Last update: November 2019
Siem Reap is a tourist town, there’s no denying. Nearby Angkor Wat draws travelers by the millions from every corner of the world and they all stay in or around Siem Reap. Especially, the center of town can be a bit too crowded with tourists for my taste.
Read: “Angkor Wat – Overated!”
However, there is a good side to this. The town has adapted nicely to this influx of visitors and over time created an adequate tourism infrastructure. Moreover, there is an abundance of restaurants and eateries! And that my dears, is right up my alley. So, on my visit I just couldn’t wait to dig in and try some of the best food that Siem Reap has to offer.
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Siem Reap Food Scene
Most restaurants are located in the center of town with the largest concentration on and around the infamous Pub Street. However, don’t underestimate the quality and quantity of eateries in the neighboring quarters and the outskirts of town. That would really be selling yourself short.
Read: “Destination Siem Reap”
Being a tourist hub, there is something for everyone in the Siem Reap food section. It’s a real pity though that some of the tourist restaurants tone down the local flavors to suit the (alleged) Western palate. At the same time, Western food is often prepared by Cambodian chefs. Not all of them have truly mastered Western cuisine yet and their dishes are not always up to par.
Having said that, the large expat community that calls Siem Reap home won’t settle for mediocre tourist food. For this reason, several restaurants serving Western cuisine have stepped up their game offering a high standard to please the expat palate. The only trick is knowing where to find them.
Likewise, Cambodians from all over the country flock to Siem Reap hoping to improve their disposition by seeking employment in the tourism branch. Their arrival has instigated a wide array of rural Khmer eateries with a variety that surpasses even the capital Phnom Penh.
To say that Siem Reap is a foodie heaven would be stretching it. However, there’s great culinary reward if you are willing to put some effort into finding the right spots. Or, you can simply follow my recommendations below.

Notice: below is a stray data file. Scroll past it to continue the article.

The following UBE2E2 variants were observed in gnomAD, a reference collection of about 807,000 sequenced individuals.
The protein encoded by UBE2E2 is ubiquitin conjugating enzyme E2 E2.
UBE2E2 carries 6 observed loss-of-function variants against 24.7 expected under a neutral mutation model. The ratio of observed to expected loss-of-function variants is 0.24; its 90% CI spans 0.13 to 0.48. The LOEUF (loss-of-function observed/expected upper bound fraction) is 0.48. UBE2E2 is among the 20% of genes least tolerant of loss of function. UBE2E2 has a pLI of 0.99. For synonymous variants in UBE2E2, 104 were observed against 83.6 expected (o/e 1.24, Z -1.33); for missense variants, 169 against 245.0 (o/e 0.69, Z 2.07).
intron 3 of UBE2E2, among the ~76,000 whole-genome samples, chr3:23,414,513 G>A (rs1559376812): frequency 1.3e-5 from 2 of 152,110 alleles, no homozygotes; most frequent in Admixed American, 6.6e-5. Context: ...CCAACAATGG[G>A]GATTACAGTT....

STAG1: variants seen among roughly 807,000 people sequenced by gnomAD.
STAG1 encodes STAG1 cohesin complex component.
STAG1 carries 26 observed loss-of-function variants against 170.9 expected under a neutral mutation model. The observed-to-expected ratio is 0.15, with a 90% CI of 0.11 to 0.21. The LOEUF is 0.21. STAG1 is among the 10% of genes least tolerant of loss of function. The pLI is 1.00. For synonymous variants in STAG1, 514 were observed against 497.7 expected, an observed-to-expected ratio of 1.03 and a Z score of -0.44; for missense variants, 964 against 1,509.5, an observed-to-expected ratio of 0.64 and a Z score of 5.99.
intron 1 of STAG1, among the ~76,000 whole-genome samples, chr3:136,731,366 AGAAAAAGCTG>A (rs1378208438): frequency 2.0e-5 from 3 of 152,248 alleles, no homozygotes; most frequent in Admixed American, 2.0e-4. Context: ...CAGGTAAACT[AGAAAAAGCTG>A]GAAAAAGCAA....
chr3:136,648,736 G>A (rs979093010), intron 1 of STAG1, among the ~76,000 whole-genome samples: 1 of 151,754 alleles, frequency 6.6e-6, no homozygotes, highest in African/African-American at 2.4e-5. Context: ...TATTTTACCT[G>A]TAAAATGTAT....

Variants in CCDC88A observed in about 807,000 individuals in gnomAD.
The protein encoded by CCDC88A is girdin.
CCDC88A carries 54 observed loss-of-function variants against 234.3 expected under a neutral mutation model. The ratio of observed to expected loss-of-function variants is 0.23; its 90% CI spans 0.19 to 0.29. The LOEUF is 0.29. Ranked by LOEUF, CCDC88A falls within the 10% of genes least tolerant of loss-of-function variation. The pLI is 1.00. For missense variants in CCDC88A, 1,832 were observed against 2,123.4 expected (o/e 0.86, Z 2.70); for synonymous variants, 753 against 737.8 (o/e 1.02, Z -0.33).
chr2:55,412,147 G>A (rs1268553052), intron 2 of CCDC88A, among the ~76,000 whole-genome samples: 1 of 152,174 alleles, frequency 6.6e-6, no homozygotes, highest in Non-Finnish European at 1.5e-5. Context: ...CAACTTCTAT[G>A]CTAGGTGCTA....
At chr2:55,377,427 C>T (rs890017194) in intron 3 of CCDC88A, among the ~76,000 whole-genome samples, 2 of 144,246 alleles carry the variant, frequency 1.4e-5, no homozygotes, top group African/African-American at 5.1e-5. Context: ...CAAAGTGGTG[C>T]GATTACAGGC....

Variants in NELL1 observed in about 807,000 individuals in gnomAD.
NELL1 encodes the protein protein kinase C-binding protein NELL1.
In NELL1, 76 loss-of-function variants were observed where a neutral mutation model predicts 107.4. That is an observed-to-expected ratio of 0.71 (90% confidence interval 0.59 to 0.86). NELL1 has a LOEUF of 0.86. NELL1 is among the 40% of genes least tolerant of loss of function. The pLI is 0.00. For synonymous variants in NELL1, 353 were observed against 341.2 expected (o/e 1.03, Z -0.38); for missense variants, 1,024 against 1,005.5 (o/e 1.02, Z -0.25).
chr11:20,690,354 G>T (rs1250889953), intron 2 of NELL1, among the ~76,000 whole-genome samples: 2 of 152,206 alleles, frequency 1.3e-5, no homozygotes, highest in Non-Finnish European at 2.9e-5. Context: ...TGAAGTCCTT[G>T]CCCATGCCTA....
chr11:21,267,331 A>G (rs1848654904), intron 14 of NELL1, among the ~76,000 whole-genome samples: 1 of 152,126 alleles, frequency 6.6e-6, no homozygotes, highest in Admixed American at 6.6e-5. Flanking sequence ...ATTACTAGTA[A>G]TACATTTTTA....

How to get to Siem Reap
For flights to and from Siem Reap use the Skyscanner website to find your ticket.
For (international) bus transport to Siem Reap use the online tool from Bookmebus.com. Skip the lines at the bus station and secure you seat.
Khmer Food – Where to eat in Siem Reap
The Sugar Palm
Outstanding Khmer restaurant that made quite a name for itself. They claim to serve Cambodian home-style comfort food, but actually the menu is mainly made up of the usual popular suspects like Fish Amok and Beef Lok Lak. However, the dishes are all clean and of high quality. Whenever in Siem Reap, this place is a must visit. Personally, I go for the Prahok Ktiss every time. Ask them to not tone down on the chilies.
Prices are a bit higher than the usual Khmer restaurant and have gone up even more since Gordon Ramsey visited and endorsed the restaurant. Nevertheless, the price level is still very acceptable for a restaurant of this standard. Starter ~$4.50, Main ~$8.
Just a bit out of the town center, but definitely worth the 5min tuk-tuk drive. The Khmer food is really good, especially the rock salt grilled fish is delicious. The cuisine is original Khmer, but the dishes are very accessible to the Western palate.
Some of the rave reviews mention the low prices. Maybe I have to re-evaluate my status, because to me the pricing did not seem that low at all. $4 on average for a starter, $5-$9 for a main dish and even up to $6-$17 from the grill is not unlike the price levels of fine dining restaurants in Phnom Penh. Is it worth it though? Oh yes!
Mahob Khmer Cuisine
Traditional Khmer cooking, but with a modern twist while still preserving the authentic flavors. Located outside of town in a beautiful wooden house and led by a revered Cambodian chef, this restaurant is a treat for the eye and the palate. Fine dining Khmer style!
09 Street, just above the old market is lined with cheap Khmer eateries serving cheap food and beer. They cater to tourists, so expect the flavors to be toned down a bit, but still tasty. I really love these kind of places, just don’t expect a night out, it’s about a quick meal only. You’ll be done eating and out of there in 45min max. I guess these kind of eateries are best for lunch.
Hansa BBQ & Seafood
When in Cambodia you have to try Khmer bbq. It’s kind of a mix between a table grill and a steamboat and a whole lot of fun. Hansa is the perfect place to try it out. It’s very popular with the locals, so you’ll be rubbing shoulders with them. Occasionally they have Western guests though so no-one will think you’re out of place. Just $6 for all you can eat. Make your choice from the well assorted raw food selection, cook it at your table and keep coming back for more.
Phteahbay Khun Mea